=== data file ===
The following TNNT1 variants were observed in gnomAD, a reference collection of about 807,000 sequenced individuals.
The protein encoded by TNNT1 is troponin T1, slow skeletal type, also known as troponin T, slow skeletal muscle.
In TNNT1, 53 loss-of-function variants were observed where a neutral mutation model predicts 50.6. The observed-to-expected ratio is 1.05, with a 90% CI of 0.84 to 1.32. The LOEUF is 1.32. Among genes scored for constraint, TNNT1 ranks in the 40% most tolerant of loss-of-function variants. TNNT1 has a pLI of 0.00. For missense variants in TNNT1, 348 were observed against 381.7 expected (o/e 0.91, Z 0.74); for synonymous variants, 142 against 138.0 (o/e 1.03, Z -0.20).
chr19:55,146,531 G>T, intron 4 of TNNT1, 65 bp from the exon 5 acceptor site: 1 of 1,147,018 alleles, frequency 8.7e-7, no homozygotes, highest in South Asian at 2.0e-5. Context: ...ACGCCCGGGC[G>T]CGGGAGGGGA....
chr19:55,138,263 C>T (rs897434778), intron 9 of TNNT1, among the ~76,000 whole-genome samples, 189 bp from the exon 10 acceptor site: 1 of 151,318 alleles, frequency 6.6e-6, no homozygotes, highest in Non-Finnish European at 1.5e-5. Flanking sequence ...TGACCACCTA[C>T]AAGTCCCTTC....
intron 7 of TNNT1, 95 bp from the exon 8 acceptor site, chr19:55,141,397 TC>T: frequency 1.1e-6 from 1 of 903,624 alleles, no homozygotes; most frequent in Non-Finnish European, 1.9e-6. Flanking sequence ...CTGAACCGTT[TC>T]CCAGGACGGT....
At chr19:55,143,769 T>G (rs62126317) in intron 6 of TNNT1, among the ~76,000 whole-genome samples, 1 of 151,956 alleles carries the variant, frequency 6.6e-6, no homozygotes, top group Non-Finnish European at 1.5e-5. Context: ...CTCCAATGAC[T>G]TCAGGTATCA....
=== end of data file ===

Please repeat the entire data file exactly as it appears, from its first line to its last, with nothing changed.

The following TNNT1 variants were observed in gnomAD, a reference collection of about 807,000 sequenced individuals.
The protein encoded by TNNT1 is troponin T1, slow skeletal type, also known as troponin T, slow skeletal muscle.
In TNNT1, 53 loss-of-function variants were observed where a neutral mutation model predicts 50.6. The observed-to-expected ratio is 1.05, with a 90% CI of 0.84 to 1.32. The LOEUF is 1.32. Among genes scored for constraint, TNNT1 ranks in the 40% most tolerant of loss-of-function variants. TNNT1 has a pLI of 0.00. For missense variants in TNNT1, 348 were observed against 381.7 expected (o/e 0.91, Z 0.74); for synonymous variants, 142 against 138.0 (o/e 1.03, Z -0.20).
chr19:55,146,531 G>T, intron 4 of TNNT1, 65 bp from the exon 5 acceptor site: 1 of 1,147,018 alleles, frequency 8.7e-7, no homozygotes, highest in South Asian at 2.0e-5. Context: ...ACGCCCGGGC[G>T]CGGGAGGGGA....
chr19:55,138,263 C>T (rs897434778), intron 9 of TNNT1, among the ~76,000 whole-genome samples, 189 bp from the exon 10 acceptor site: 1 of 151,318 alleles, frequency 6.6e-6, no homozygotes, highest in Non-Finnish European at 1.5e-5. Flanking sequence ...TGACCACCTA[C>T]AAGTCCCTTC....
intron 7 of TNNT1, 95 bp from the exon 8 acceptor site, chr19:55,141,397 TC>T: frequency 1.1e-6 from 1 of 903,624 alleles, no homozygotes; most frequent in Non-Finnish European, 1.9e-6. Flanking sequence ...CTGAACCGTT[TC>T]CCAGGACGGT....
At chr19:55,143,769 T>G (rs62126317) in intron 6 of TNNT1, among the ~76,000 whole-genome samples, 1 of 151,956 alleles carries the variant, frequency 6.6e-6, no homozygotes, top group Non-Finnish European at 1.5e-5. Context: ...CTCCAATGAC[T>G]TCAGGTATCA....